On Oct 17, 2016, at 1:07 PM, Lynette Cook <[log in to unmask]> wrote:If the question is about "What tax deduction may I take as the artist?", then Jim is correct that you can only take the cost of materials. If the question is, "The organization needs a cost estimate of the donation for their own purposes and what do I count?", then you can come up with a different answer. Nonprofits will need a $ value if you are donating art for an auction so they can list what the actual price is and select a starting $ value for bidding. Alternatively, the organization might want a $ value so they can total up over the cost of the year the donations of money and time (from all sources) and report this in an annual report or other elsewhere.On Oct 17, 2016, at 8:35 AM, James A. Perkins wrote:Hi OC,
Unfortunately, the U.S. tax laws for artists donating their own artwork are incredibly unfair. When an artist donates his/her own artwork to a charity, the artist is only allowed a tax deduction for the "cost basis" of the work, I.e., the cost of the materials that were used to create it. In this case, it would be the cost of the watercolor paper, paints, and pencils that you used. You are NOT allowed to take a deduction for the time you spent or the fair market value of the usage rights you are donating.
If that's not bad enough, it gets worse. As the original creator of the work, you own both the copyright and the original piece of art. In order to claim any kind of tax deduction, you are required to donate BOTH the original piece of artwork AND the entire copyright to the work to the charity. This is because the IRS views the original art and its copyright as two "interests" in the same work. If you donate only certain rights to the work and not the entire copyright nor the original artwork, you cannot claim ANY deduction, not even the cost basis.
There have been attempts to change this (look up the Artist-Museum Partnership Act) but the last I checked, none of these bills had passed Congress.
Sent from my iPad
On Oct 17, 2016, at 11:21 AM, OC Carlisle <[log in to unmask]> wrote:
I have completed a 22 x 14 illustration (watercolor and oil base color pencil and acrylic paint) of creative tools, such as paintbrushes, pencils, metalwork, wood turning, lacemaking, quilting, fiber spinning, weaving, etc, on 300 lb Fabriano Artistico hot press paper. Several artists & creatives furnished photographic images for reference. Additionally, I researched additional images to use.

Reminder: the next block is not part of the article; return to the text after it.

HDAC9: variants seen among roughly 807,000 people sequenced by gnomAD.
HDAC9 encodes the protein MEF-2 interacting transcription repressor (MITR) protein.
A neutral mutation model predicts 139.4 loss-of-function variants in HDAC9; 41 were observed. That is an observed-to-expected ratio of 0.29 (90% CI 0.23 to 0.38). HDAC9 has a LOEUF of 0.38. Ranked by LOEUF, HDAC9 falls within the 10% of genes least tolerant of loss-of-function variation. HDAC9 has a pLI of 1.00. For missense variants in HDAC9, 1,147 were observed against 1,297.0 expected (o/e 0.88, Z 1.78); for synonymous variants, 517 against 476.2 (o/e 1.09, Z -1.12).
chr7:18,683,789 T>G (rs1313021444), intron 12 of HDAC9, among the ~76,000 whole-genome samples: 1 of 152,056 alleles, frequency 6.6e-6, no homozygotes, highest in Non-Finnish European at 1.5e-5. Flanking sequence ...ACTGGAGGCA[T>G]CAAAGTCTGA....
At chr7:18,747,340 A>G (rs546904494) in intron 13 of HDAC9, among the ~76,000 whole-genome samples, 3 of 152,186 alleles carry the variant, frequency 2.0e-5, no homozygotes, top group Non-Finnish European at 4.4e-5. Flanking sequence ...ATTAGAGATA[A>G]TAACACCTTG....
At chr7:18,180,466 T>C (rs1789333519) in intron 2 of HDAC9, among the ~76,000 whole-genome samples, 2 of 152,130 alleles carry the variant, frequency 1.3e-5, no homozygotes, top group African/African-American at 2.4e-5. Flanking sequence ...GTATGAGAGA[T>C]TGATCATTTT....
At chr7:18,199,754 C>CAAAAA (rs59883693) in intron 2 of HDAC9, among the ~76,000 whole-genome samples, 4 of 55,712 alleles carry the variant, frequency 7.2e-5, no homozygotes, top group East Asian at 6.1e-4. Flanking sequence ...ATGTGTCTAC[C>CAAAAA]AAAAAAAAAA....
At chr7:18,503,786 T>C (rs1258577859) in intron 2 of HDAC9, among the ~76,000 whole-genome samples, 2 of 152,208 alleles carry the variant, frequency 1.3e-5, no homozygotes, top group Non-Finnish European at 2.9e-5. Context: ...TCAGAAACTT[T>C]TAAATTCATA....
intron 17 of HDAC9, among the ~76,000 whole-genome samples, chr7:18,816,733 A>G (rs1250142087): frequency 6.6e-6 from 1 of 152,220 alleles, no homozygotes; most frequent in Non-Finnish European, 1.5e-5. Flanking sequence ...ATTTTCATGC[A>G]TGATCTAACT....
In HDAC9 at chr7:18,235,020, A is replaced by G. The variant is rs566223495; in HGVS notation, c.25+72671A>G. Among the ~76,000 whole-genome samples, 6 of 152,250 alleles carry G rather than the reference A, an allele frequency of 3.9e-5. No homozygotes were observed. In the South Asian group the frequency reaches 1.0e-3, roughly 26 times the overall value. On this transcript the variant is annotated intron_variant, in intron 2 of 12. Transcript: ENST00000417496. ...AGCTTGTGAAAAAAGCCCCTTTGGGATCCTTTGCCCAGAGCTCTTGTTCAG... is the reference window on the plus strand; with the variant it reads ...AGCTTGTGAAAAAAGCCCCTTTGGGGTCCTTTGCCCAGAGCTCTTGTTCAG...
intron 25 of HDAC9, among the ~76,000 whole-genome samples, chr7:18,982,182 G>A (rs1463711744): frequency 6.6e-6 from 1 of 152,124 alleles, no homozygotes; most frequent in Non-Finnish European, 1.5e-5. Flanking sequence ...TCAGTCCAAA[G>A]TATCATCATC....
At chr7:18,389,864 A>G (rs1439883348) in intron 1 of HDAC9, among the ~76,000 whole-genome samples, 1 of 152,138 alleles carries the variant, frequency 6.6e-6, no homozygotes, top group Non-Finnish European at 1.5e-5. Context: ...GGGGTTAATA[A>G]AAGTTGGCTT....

The illustration will be used at 50% for print and digital media for an exhibition (17 Nov 16 - 21 Jan 17) for the Lyndon House Arts Center, a 501C3 organization. I have written a letter of agreement for their use, copyrighting the illustration. My signature is on the illustration with the ©. The Lyndon House will use this image on their social media outlets as well as 11 x 17 inch posters and 5.5 x 8.5 inch “hand bills” that will include informative text. I have requested that no text will be printed on the illustration. I have also requested that my name be included with the image on all publicity items, with the ©.
I have spent, on average 156 hours (research, layout, planning, drawing, painting) to complete.
I am donating the one time use of the image; requesting my permission if this organization wants to use the image again. The Lyndon House will also exhibit the framed original with a provenance text next to the painting.
What sort of value should I give to this artwork, as a donation of use. Is this acceptable procedure?
Please contact me off list if you suggest the dollar value; I understand that this is proper procedure.
Thank you very much indeed for your kind assistance!
OC CarlisleScientific Illustration, Photographic Fine ArtGuild of Natural Science Illustrators“Take Flight And Soar With Your Dreams”
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